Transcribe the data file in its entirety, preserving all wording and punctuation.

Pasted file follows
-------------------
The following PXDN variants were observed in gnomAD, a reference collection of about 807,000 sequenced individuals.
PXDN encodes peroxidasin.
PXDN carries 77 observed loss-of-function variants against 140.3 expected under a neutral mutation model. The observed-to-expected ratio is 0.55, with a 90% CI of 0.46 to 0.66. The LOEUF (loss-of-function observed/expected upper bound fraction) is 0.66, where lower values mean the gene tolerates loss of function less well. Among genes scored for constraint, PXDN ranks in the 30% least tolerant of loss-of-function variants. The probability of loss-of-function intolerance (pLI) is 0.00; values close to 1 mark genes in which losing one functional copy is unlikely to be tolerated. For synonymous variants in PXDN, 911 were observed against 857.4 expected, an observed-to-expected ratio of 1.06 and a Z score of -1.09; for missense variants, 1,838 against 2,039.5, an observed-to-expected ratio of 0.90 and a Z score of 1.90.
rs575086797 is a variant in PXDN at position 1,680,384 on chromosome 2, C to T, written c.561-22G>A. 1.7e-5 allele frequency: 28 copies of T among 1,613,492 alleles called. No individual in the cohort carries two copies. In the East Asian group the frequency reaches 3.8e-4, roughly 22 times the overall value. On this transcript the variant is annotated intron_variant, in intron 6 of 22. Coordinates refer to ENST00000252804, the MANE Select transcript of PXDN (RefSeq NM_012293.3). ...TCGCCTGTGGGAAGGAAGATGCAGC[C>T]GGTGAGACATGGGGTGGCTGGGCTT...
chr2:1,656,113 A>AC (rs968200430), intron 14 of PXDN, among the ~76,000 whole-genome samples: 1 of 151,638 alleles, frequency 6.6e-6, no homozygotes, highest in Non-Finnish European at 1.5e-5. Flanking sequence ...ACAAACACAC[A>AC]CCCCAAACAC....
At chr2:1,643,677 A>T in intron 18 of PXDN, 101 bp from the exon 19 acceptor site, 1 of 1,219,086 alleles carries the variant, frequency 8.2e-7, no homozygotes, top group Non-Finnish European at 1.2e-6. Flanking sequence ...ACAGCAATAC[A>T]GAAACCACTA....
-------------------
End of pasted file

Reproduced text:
The following PXDN variants were observed in gnomAD, a reference collection of about 807,000 sequenced individuals.
PXDN encodes peroxidasin.
PXDN carries 77 observed loss-of-function variants against 140.3 expected under a neutral mutation model. The observed-to-expected ratio is 0.55, with a 90% CI of 0.46 to 0.66. The LOEUF (loss-of-function observed/expected upper bound fraction) is 0.66, where lower values mean the gene tolerates loss of function less well. Among genes scored for constraint, PXDN ranks in the 30% least tolerant of loss-of-function variants. The probability of loss-of-function intolerance (pLI) is 0.00; values close to 1 mark genes in which losing one functional copy is unlikely to be tolerated. For synonymous variants in PXDN, 911 were observed against 857.4 expected, an observed-to-expected ratio of 1.06 and a Z score of -1.09; for missense variants, 1,838 against 2,039.5, an observed-to-expected ratio of 0.90 and a Z score of 1.90.
rs575086797 is a variant in PXDN at position 1,680,384 on chromosome 2, C to T, written c.561-22G>A. 1.7e-5 allele frequency: 28 copies of T among 1,613,492 alleles called. No individual in the cohort carries two copies. In the East Asian group the frequency reaches 3.8e-4, roughly 22 times the overall value. On this transcript the variant is annotated intron_variant, in intron 6 of 22. Coordinates refer to ENST00000252804, the MANE Select transcript of PXDN (RefSeq NM_012293.3). ...TCGCCTGTGGGAAGGAAGATGCAGC[C>T]GGTGAGACATGGGGTGGCTGGGCTT...
chr2:1,656,113 A>AC (rs968200430), intron 14 of PXDN, among the ~76,000 whole-genome samples: 1 of 151,638 alleles, frequency 6.6e-6, no homozygotes, highest in Non-Finnish European at 1.5e-5. Flanking sequence ...ACAAACACAC[A>AC]CCCCAAACAC....
At chr2:1,643,677 A>T in intron 18 of PXDN, 101 bp from the exon 19 acceptor site, 1 of 1,219,086 alleles carries the variant, frequency 8.2e-7, no homozygotes, top group Non-Finnish European at 1.2e-6. Flanking sequence ...ACAGCAATAC[A>T]GAAACCACTA....